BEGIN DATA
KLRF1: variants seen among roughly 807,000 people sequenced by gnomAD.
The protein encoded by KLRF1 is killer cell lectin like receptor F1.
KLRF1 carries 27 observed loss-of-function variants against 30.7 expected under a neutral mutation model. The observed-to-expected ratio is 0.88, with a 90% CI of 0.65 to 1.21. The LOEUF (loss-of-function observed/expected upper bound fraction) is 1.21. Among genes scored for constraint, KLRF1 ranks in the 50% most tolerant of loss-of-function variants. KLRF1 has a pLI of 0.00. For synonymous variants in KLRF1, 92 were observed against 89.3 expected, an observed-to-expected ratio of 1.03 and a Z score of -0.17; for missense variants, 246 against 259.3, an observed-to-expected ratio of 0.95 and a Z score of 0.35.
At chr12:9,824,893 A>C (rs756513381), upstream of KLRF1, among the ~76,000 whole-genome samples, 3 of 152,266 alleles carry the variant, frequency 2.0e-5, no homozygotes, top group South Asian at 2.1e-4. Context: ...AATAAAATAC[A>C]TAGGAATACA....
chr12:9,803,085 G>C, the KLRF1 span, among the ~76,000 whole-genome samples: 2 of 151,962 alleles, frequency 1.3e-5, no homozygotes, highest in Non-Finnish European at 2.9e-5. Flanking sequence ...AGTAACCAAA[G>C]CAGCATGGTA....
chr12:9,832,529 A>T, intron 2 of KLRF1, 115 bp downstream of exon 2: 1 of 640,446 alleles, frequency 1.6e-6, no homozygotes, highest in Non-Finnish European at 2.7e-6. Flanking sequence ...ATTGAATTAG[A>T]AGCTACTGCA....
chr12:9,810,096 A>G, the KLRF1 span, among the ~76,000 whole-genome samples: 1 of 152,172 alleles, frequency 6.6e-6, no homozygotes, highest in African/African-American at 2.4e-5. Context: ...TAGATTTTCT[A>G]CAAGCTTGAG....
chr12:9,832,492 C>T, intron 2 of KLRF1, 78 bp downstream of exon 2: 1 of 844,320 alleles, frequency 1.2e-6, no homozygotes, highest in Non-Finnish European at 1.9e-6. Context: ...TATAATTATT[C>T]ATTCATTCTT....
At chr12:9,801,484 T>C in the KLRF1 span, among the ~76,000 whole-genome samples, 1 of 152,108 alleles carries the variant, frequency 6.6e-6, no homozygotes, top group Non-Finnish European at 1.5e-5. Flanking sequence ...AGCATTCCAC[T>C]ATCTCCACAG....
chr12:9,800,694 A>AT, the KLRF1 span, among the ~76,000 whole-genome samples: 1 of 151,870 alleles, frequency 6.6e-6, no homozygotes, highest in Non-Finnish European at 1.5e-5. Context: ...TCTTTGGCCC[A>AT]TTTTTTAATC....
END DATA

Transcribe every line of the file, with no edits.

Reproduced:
KLRF1: variants seen among roughly 807,000 people sequenced by gnomAD.
The protein encoded by KLRF1 is killer cell lectin like receptor F1.
KLRF1 carries 27 observed loss-of-function variants against 30.7 expected under a neutral mutation model. The observed-to-expected ratio is 0.88, with a 90% CI of 0.65 to 1.21. The LOEUF (loss-of-function observed/expected upper bound fraction) is 1.21. Among genes scored for constraint, KLRF1 ranks in the 50% most tolerant of loss-of-function variants. KLRF1 has a pLI of 0.00. For synonymous variants in KLRF1, 92 were observed against 89.3 expected, an observed-to-expected ratio of 1.03 and a Z score of -0.17; for missense variants, 246 against 259.3, an observed-to-expected ratio of 0.95 and a Z score of 0.35.
At chr12:9,824,893 A>C (rs756513381), upstream of KLRF1, among the ~76,000 whole-genome samples, 3 of 152,266 alleles carry the variant, frequency 2.0e-5, no homozygotes, top group South Asian at 2.1e-4. Context: ...AATAAAATAC[A>C]TAGGAATACA....
chr12:9,803,085 G>C, the KLRF1 span, among the ~76,000 whole-genome samples: 2 of 151,962 alleles, frequency 1.3e-5, no homozygotes, highest in Non-Finnish European at 2.9e-5. Flanking sequence ...AGTAACCAAA[G>C]CAGCATGGTA....
chr12:9,832,529 A>T, intron 2 of KLRF1, 115 bp downstream of exon 2: 1 of 640,446 alleles, frequency 1.6e-6, no homozygotes, highest in Non-Finnish European at 2.7e-6. Flanking sequence ...ATTGAATTAG[A>T]AGCTACTGCA....
chr12:9,810,096 A>G, the KLRF1 span, among the ~76,000 whole-genome samples: 1 of 152,172 alleles, frequency 6.6e-6, no homozygotes, highest in African/African-American at 2.4e-5. Context: ...TAGATTTTCT[A>G]CAAGCTTGAG....
chr12:9,832,492 C>T, intron 2 of KLRF1, 78 bp downstream of exon 2: 1 of 844,320 alleles, frequency 1.2e-6, no homozygotes, highest in Non-Finnish European at 1.9e-6. Context: ...TATAATTATT[C>T]ATTCATTCTT....
At chr12:9,801,484 T>C in the KLRF1 span, among the ~76,000 whole-genome samples, 1 of 152,108 alleles carries the variant, frequency 6.6e-6, no homozygotes, top group Non-Finnish European at 1.5e-5. Flanking sequence ...AGCATTCCAC[T>C]ATCTCCACAG....
chr12:9,800,694 A>AT, the KLRF1 span, among the ~76,000 whole-genome samples: 1 of 151,870 alleles, frequency 6.6e-6, no homozygotes, highest in Non-Finnish European at 1.5e-5. Context: ...TCTTTGGCCC[A>AT]TTTTTTAATC....